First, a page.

Sgt Maj. Mariel Morgan, a career counselor assigned to the U.S. Army Military District of Washington located at Fort Lesley J. McNair in Washington, D.C., holds a picture of her when she was younger. Morgan was born in Caguas, Puerto Rico.
1 / 2 Show Caption + Hide Caption – Sgt Maj. Mariel Morgan, a career counselor assigned to the U.S. Army Military District of Washington located at Fort Lesley J. McNair in Washington, D.C., holds a picture of her when she was younger. Morgan was born in Caguas, Puerto Rico. (Photo Credit: U.S. Army photo by Spc. Yon Trimble) VIEW ORIGINAL
Jose H. Ramirez, is a logistics management specialist civilian employee with the U.S. Army Military District of Washington, stands out the logistics building at Fort Lesley J. McNair, Washington D.C. He has served over 28 years in the Army as a soldier, enlisted then warrant officer, and now as a civilian employee. Ramirez was born in Lima, Peru
2 / 2 Show Caption + Hide Caption – Jose H. Ramirez, is a logistics management specialist civilian employee with the U.S. Army Military District of Washington, stands out the logistics building at Fort Lesley J. McNair, Washington D.C. He has served over 28 years in the Army as a soldier, enlisted then warrant officer, and now as a civilian employee. Ramirez was born in Lima, Peru (Photo Credit: U.S. Army Photo by Spc. Yon Trimble) VIEW ORIGINAL

WASHINGTON - “In the Army, anyone can make it if you put in the work,” said U.S. Army Sgt Maj. Mariel Morgan, a career counselor assigned to the U.S. Army Military District of Washington located at Fort Lesley J. McNair here. “I am a Puerto Rican woman, and I was afforded the opportunity to make it to the highest enlisted rank in the Army.”

Morgan was born and raised in Caguas, Puerto Rico.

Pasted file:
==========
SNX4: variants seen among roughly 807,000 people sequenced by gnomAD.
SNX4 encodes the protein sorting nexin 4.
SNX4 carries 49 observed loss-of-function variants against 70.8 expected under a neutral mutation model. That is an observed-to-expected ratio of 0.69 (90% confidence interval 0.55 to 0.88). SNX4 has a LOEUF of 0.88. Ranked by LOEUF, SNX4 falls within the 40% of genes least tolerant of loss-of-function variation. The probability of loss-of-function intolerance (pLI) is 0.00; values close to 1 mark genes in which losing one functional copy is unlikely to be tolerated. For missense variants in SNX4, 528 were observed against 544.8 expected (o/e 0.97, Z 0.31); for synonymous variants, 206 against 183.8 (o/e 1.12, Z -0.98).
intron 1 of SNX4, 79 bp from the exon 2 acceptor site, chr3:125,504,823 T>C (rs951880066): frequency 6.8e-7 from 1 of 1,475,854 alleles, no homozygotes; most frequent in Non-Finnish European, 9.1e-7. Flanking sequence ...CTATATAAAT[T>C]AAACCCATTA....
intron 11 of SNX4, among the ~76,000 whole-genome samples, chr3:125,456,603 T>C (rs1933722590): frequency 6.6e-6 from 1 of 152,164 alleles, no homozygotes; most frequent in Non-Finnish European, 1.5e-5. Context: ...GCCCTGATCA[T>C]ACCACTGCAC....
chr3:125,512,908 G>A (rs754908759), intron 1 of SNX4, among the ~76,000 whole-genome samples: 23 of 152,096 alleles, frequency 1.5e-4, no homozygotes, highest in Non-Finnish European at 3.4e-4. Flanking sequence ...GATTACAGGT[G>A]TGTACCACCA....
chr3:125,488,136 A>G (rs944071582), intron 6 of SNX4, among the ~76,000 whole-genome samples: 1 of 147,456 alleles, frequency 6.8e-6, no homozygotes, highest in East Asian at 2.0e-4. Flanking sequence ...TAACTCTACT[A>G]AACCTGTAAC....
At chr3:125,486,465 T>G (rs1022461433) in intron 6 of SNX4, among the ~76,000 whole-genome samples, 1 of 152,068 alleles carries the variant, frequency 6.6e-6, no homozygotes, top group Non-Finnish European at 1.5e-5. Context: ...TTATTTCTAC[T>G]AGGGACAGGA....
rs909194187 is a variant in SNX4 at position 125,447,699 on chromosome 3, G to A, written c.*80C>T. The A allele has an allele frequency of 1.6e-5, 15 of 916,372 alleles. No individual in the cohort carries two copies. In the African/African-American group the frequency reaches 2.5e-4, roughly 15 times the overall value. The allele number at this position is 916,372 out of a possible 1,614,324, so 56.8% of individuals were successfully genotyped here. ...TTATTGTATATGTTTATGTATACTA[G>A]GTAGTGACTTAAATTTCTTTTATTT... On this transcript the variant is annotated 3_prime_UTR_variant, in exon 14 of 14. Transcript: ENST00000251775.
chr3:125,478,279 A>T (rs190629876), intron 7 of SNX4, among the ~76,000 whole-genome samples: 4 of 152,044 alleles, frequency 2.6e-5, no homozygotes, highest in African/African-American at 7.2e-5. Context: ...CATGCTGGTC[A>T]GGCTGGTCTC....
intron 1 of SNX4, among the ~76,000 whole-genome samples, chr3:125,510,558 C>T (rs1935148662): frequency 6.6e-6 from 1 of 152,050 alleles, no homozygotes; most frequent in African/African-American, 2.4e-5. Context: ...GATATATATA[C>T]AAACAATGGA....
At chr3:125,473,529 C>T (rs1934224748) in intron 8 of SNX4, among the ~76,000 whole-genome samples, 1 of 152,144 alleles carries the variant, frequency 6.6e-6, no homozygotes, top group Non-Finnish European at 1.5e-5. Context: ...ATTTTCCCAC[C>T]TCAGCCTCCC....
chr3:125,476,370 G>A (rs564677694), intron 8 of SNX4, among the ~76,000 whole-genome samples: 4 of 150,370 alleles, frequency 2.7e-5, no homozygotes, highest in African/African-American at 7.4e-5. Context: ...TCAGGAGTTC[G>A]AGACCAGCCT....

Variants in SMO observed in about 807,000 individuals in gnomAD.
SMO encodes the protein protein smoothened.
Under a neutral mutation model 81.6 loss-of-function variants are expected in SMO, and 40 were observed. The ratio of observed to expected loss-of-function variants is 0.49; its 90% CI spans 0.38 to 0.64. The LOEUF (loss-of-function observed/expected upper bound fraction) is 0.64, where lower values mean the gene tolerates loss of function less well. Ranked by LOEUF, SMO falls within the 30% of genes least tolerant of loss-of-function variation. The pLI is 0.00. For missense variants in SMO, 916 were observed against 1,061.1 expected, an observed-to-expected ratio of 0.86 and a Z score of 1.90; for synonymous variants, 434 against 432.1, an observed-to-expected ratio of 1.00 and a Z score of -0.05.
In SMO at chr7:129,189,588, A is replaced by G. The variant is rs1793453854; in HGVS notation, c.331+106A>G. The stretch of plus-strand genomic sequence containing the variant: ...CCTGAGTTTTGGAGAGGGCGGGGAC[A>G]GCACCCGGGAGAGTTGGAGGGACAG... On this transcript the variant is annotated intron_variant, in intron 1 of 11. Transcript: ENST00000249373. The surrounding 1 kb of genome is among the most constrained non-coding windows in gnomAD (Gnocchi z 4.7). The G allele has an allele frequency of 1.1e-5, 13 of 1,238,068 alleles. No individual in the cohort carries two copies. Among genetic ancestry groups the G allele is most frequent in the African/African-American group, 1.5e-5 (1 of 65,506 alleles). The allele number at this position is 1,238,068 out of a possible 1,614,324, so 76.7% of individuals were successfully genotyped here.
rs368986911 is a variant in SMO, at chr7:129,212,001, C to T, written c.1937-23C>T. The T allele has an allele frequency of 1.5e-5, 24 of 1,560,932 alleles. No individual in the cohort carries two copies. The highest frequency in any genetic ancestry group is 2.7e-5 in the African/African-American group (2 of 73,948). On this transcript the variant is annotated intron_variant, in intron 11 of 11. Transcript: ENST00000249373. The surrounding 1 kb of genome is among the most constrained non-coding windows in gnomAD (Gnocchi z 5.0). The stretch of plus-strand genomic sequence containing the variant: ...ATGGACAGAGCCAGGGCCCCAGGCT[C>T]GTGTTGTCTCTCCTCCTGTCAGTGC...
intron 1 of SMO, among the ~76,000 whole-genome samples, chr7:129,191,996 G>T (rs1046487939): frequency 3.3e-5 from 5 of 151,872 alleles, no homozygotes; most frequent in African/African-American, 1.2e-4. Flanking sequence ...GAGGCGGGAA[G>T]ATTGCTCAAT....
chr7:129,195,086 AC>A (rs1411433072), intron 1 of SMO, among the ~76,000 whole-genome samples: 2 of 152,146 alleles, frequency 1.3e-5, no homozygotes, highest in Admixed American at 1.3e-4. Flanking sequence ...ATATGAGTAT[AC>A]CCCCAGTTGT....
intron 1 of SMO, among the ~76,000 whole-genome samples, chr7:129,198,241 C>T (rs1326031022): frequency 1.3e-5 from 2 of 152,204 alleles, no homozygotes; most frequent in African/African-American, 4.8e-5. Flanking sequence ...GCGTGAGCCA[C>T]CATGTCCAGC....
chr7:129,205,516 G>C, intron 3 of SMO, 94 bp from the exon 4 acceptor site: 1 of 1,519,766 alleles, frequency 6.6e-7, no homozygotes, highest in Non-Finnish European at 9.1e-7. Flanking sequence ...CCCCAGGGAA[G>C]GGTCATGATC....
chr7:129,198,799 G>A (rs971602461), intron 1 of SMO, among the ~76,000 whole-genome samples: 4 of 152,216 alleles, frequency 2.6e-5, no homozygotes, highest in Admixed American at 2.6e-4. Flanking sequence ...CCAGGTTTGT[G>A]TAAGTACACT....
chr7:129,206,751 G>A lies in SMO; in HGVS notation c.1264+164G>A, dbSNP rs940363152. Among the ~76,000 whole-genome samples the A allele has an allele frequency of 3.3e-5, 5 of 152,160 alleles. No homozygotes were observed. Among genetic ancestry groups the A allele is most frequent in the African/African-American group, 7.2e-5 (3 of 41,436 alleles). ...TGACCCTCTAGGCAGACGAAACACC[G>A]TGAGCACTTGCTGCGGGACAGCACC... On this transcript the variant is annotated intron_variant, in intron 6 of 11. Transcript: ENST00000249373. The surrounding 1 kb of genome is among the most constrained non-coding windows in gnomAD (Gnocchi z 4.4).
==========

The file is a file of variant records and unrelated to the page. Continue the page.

Puerto Rico is an unincorporated territory of the United States of America, therefore, all persons born in Puerto Rico are born American citizens.

“Even though we are American citizens, Puerto Ricans do a lot of things differently,” Morgan said. “For example, I don’t remember eating turkey and mashed potatoes until after I joined the military.”

Growing up, Morgan’s family was very tight-knit, and academia focused. Everyone in her family went to college.

“I wanted to see the bigger world,” Morgan said. So, she enlisted into the military right after high school.

Morgan admitted that she did not know what to expect when she enlisted into the Army. The only thing she knew about the Army was based on what she saw on tv or movies.

She didn’t expect to get yelled at and she did not expect to have to carry around a 200-lbs bag everywhere either.

For her, she said that it was difficult adjusting to an entirely different way of life.

When soldiers born in U.S. territories and other countries enlist into the military, they must adjust to the culture shock of the Army way of life AND the American way of life.

Unlike Morgan, Jose H. Ramirez, a civilian logistics employee with the MDW, had time to adjust to the American culture before being enlisting into the Army.

Ramirez was born and raised in Lima, Peru.

“Coming from Peru, everyone was kind of the same,” Ramirez said. “Everyone was Catholic with the same background. I didn’t see a foreigner (non-Peruvian) until I was about nine years old.”

When his father retired from the Peruvian air force, when Ramirez was still in middle school, his family moved to Alexandria, Virginia.